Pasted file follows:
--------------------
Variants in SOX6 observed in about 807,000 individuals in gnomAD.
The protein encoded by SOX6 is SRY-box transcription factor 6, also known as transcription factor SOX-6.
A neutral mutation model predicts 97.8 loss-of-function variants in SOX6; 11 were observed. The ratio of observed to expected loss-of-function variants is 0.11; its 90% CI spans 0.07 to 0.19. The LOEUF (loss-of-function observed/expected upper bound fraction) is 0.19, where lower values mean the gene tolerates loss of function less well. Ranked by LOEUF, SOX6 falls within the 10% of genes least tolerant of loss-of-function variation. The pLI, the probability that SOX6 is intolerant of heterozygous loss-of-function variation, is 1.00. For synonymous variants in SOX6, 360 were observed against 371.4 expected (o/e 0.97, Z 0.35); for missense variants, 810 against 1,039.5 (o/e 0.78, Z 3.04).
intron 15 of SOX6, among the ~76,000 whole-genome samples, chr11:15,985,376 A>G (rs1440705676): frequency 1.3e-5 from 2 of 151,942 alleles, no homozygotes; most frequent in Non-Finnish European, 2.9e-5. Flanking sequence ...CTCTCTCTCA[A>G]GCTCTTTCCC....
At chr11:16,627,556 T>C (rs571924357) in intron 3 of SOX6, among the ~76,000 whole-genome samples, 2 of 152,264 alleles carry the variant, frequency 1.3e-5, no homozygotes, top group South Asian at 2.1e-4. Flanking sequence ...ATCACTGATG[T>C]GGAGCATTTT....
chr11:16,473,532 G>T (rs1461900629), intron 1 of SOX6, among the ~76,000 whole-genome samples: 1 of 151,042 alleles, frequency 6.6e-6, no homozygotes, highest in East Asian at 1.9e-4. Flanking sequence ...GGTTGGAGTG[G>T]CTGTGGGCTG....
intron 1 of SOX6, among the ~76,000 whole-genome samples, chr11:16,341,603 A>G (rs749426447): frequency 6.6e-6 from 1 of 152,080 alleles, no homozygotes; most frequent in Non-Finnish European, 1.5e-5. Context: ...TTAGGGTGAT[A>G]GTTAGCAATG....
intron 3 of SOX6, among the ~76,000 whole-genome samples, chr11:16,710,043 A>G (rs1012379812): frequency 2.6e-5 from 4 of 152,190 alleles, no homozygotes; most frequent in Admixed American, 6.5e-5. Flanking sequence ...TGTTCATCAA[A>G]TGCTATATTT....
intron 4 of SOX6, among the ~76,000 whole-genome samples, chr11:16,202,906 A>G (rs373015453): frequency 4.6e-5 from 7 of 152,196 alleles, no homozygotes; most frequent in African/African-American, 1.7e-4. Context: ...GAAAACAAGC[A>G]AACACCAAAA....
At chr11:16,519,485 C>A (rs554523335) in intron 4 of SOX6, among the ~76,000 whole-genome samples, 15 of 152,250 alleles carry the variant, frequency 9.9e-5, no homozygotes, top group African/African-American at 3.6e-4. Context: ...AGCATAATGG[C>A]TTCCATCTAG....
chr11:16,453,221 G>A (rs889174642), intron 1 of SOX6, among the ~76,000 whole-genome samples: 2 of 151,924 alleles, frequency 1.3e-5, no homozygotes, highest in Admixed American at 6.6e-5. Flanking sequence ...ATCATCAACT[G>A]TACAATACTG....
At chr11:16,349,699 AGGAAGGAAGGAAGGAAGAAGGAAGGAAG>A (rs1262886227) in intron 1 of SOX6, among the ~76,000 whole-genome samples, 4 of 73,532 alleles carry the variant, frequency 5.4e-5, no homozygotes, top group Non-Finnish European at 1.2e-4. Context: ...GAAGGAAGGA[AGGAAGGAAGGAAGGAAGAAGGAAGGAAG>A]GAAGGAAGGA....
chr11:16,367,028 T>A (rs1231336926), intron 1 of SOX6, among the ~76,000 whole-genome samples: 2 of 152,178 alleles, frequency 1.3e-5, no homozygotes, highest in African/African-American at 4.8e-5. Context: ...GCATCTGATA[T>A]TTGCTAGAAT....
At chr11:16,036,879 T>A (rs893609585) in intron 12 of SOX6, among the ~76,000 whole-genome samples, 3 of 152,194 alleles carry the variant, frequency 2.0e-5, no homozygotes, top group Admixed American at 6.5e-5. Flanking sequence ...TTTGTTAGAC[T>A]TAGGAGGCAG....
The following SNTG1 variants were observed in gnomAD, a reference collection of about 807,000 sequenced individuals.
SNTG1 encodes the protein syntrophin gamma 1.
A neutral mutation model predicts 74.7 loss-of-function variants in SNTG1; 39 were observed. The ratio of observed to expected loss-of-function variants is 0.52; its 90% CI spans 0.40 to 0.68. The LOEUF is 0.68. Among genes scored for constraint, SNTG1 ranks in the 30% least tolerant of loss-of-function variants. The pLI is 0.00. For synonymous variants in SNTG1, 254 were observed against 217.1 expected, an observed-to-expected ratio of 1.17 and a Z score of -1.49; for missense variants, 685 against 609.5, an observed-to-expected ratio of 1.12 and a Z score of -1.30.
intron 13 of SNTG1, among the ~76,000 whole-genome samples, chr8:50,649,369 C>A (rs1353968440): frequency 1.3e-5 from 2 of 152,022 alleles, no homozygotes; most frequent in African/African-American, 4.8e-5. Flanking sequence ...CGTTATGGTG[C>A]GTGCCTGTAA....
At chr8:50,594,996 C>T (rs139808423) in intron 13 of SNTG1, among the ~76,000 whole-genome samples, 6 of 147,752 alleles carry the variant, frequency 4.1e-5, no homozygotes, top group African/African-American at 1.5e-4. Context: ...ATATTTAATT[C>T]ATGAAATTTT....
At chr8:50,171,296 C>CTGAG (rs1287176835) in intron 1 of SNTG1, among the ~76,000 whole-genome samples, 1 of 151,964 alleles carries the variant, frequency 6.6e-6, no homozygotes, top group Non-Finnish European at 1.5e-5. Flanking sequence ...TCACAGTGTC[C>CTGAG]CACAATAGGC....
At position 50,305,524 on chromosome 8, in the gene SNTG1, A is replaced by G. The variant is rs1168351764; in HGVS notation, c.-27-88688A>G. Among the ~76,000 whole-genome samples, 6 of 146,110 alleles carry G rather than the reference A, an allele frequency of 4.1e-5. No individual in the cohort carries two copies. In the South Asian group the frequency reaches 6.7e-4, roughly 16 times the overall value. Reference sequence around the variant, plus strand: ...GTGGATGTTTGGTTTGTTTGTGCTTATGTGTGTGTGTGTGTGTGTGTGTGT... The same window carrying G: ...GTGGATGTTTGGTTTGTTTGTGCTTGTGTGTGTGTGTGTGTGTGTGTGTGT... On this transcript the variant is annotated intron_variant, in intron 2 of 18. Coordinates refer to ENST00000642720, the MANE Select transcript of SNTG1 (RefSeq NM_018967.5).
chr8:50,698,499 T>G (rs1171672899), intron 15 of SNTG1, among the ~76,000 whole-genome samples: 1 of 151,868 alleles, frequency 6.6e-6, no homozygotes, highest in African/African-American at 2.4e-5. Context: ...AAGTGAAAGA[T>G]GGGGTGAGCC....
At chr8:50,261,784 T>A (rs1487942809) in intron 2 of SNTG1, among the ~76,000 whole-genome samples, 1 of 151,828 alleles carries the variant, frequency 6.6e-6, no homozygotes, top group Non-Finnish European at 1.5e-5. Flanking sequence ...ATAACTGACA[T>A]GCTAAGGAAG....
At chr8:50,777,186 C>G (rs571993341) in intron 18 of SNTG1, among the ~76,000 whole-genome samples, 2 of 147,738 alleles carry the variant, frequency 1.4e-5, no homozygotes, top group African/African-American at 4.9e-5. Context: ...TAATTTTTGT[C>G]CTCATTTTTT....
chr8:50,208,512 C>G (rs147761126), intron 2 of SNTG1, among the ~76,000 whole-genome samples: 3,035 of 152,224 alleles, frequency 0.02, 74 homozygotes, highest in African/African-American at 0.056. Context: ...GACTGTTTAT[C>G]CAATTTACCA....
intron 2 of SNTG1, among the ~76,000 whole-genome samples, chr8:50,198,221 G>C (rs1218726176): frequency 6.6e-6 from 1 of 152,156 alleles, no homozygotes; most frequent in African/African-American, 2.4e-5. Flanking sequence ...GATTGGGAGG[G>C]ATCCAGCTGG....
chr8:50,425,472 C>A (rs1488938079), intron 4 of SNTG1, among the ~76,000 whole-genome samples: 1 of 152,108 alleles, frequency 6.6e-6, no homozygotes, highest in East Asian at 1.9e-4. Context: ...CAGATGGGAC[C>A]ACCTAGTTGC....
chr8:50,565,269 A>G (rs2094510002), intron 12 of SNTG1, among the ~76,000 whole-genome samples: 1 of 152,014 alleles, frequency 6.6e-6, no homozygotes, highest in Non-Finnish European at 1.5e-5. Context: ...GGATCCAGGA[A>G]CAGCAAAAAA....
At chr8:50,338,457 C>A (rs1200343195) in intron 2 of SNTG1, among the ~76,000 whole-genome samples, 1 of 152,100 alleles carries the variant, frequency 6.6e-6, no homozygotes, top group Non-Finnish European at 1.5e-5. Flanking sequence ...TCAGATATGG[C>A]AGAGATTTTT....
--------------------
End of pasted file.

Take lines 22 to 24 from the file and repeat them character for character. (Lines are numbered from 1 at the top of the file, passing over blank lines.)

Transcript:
chr8:50,698,499 T>G (rs1171672899), intron 15 of SNTG1, among the ~76,000 whole-genome samples: 1 of 151,868 alleles, frequency 6.6e-6, no homozygotes, highest in African/African-American at 2.4e-5. Context: ...AAGTGAAAGA[T>G]GGGGTGAGCC....
At chr8:50,261,784 T>A (rs1487942809) in intron 2 of SNTG1, among the ~76,000 whole-genome samples, 1 of 151,828 alleles carries the variant, frequency 6.6e-6, no homozygotes, top group Non-Finnish European at 1.5e-5. Flanking sequence ...ATAACTGACA[T>A]GCTAAGGAAG....
At chr8:50,777,186 C>G (rs571993341) in intron 18 of SNTG1, among the ~76,000 whole-genome samples, 2 of 147,738 alleles carry the variant, frequency 1.4e-5, no homozygotes, top group African/African-American at 4.9e-5. Context: ...TAATTTTTGT[C>G]CTCATTTTTT....